- Nonimmigrant Visa Application, Form DS-160 confirmation page
- During the process of completing the online Form DS-160, you will be asked to provide a picture of yourself. Your photograph has to have been shot within the last half year and adhere to the specifications outlined in the section under “Photograph Requirements.”
- A message about diplomatic protocol and/or travel instructions – This document is written confirmation from the international organisation or NATO of your status and the official reason you are travelling to the United States. It also specifies the official purpose for which you are travelling to the United States. The following information must be included in the diplomatic letter and/or travel orders that are submitted with any application for a G or NATO visa outside of the United States, as well as any request for a change into such visa status that is made inside the United States:
– the officers or employees name, date of birth, position and title, the international organisation or office where the individual will be serving, the purpose of travel, a brief description of his or her duties, the travel date, and the anticipated length of stay in the United States, as well as the officers or employees anticipated length of stay in the United States.
– the names, connections, and birth dates of any dependents and other household members who will be accompanying or joining the officer or employee in their travels.
- In the event that a member of the primary visa applicants immediate family wishes to apply for a visa on their own, they are needed to provide a copy of the principal visa holders I-94 and visa, front and back.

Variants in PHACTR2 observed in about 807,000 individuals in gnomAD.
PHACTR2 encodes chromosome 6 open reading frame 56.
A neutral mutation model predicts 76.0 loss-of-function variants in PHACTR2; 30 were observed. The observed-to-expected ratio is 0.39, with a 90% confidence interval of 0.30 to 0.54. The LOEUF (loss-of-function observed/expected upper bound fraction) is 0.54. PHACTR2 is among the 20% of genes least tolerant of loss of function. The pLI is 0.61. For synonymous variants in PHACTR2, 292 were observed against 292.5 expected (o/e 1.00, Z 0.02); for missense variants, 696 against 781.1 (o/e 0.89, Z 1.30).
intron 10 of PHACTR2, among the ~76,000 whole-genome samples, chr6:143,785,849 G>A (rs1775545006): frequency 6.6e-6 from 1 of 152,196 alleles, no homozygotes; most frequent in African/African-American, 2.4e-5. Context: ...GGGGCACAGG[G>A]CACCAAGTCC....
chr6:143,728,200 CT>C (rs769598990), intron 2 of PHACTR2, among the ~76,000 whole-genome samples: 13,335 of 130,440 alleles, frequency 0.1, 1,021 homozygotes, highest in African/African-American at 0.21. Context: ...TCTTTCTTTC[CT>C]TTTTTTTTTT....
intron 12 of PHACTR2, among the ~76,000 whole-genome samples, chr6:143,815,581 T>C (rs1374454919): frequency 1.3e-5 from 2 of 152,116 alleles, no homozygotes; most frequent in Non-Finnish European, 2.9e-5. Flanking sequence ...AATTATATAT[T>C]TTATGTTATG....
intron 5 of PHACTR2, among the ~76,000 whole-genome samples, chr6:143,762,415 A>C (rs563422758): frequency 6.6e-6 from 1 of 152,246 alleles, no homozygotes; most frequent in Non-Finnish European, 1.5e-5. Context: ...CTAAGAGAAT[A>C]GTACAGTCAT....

To be eligible for a G-1 visa, the applicant must meet the following criteria:
- A member of an international organisation or;
- the main representative of a government recognised by the United States.
The only responsibilities that a G-1 visa holder can do are those that are related to the international organisation and agreements that the President has authorised under the International Organizations Immunities Act.
The holder of a G-1 Visa may remain in the United States indefinitely as long as the Secretary of State recognises his or her G-1 status. The applicant is not required to have a foreign domicile to which he or she intends to return.
A Visa is required for any foreign national wishing to enter the United States. It could be a non-immigrant visa for a short period of time or an immigrant visa for a long period of time. To enter the United States, Indians must get a non-immigrant visa.
The holder of a G-1 visa may bring his or her immediate family members (those closely related by blood, marriage or adoption, and who reside regularly in the household). They are welcome to join the visa holder in G-1 status. On a G-5 visa, personal attendants and servants may accompany the visa holder to the United States.
Dependents of G-1 visa holders are only allowed to work after acquiring permission from the USCIS. Working without prior approval is a violation of the visas terms. If the United States and the visa holders country have a reciprocal work agreement, they can apply for work authorization.
Income Taxes Paid While in the U.S.
If they work for international institutions like the World Bank or the IMF, G status diplomatic visa holders are exempt from paying income tax.